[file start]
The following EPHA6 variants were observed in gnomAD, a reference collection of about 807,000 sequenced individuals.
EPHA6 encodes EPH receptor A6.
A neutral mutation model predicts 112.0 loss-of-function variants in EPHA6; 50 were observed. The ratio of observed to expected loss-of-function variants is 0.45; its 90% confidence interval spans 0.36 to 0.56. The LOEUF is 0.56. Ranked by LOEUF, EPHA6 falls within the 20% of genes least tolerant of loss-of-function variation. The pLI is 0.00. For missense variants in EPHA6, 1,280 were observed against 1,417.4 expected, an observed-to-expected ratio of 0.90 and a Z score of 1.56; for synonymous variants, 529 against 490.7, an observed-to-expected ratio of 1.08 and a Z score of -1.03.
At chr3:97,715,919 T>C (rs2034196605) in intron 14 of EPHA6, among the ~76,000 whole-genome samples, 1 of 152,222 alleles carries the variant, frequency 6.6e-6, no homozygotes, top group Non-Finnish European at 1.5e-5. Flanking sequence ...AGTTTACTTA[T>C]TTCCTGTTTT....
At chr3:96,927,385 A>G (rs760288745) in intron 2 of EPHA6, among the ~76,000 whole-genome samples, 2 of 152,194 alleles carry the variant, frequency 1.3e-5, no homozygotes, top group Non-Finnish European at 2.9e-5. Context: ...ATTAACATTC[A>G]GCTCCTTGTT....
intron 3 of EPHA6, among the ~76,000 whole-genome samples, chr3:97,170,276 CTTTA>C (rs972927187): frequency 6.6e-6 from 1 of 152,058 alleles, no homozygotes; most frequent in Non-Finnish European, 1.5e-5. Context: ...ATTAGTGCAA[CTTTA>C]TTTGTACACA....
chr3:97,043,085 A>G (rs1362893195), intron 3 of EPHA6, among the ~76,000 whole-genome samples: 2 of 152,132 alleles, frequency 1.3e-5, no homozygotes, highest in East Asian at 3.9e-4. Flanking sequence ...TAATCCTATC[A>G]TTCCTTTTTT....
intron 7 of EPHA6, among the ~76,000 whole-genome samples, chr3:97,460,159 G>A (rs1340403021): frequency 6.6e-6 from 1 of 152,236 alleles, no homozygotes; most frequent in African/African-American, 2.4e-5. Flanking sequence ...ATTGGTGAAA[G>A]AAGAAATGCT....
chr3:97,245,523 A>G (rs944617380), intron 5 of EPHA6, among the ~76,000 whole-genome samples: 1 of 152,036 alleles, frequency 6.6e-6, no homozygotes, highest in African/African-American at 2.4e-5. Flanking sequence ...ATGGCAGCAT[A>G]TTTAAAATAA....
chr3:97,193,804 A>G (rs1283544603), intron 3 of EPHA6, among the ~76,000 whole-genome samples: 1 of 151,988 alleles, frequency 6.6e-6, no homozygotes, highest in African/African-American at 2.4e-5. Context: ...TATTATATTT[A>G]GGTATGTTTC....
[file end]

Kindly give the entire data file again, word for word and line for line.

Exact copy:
The following EPHA6 variants were observed in gnomAD, a reference collection of about 807,000 sequenced individuals.
EPHA6 encodes EPH receptor A6.
A neutral mutation model predicts 112.0 loss-of-function variants in EPHA6; 50 were observed. The ratio of observed to expected loss-of-function variants is 0.45; its 90% confidence interval spans 0.36 to 0.56. The LOEUF is 0.56. Ranked by LOEUF, EPHA6 falls within the 20% of genes least tolerant of loss-of-function variation. The pLI is 0.00. For missense variants in EPHA6, 1,280 were observed against 1,417.4 expected, an observed-to-expected ratio of 0.90 and a Z score of 1.56; for synonymous variants, 529 against 490.7, an observed-to-expected ratio of 1.08 and a Z score of -1.03.
At chr3:97,715,919 T>C (rs2034196605) in intron 14 of EPHA6, among the ~76,000 whole-genome samples, 1 of 152,222 alleles carries the variant, frequency 6.6e-6, no homozygotes, top group Non-Finnish European at 1.5e-5. Flanking sequence ...AGTTTACTTA[T>C]TTCCTGTTTT....
At chr3:96,927,385 A>G (rs760288745) in intron 2 of EPHA6, among the ~76,000 whole-genome samples, 2 of 152,194 alleles carry the variant, frequency 1.3e-5, no homozygotes, top group Non-Finnish European at 2.9e-5. Context: ...ATTAACATTC[A>G]GCTCCTTGTT....
intron 3 of EPHA6, among the ~76,000 whole-genome samples, chr3:97,170,276 CTTTA>C (rs972927187): frequency 6.6e-6 from 1 of 152,058 alleles, no homozygotes; most frequent in Non-Finnish European, 1.5e-5. Context: ...ATTAGTGCAA[CTTTA>C]TTTGTACACA....
chr3:97,043,085 A>G (rs1362893195), intron 3 of EPHA6, among the ~76,000 whole-genome samples: 2 of 152,132 alleles, frequency 1.3e-5, no homozygotes, highest in East Asian at 3.9e-4. Flanking sequence ...TAATCCTATC[A>G]TTCCTTTTTT....
intron 7 of EPHA6, among the ~76,000 whole-genome samples, chr3:97,460,159 G>A (rs1340403021): frequency 6.6e-6 from 1 of 152,236 alleles, no homozygotes; most frequent in African/African-American, 2.4e-5. Flanking sequence ...ATTGGTGAAA[G>A]AAGAAATGCT....
chr3:97,245,523 A>G (rs944617380), intron 5 of EPHA6, among the ~76,000 whole-genome samples: 1 of 152,036 alleles, frequency 6.6e-6, no homozygotes, highest in African/African-American at 2.4e-5. Flanking sequence ...ATGGCAGCAT[A>G]TTTAAAATAA....
chr3:97,193,804 A>G (rs1283544603), intron 3 of EPHA6, among the ~76,000 whole-genome samples: 1 of 151,988 alleles, frequency 6.6e-6, no homozygotes, highest in African/African-American at 2.4e-5. Context: ...TATTATATTT[A>G]GGTATGTTTC....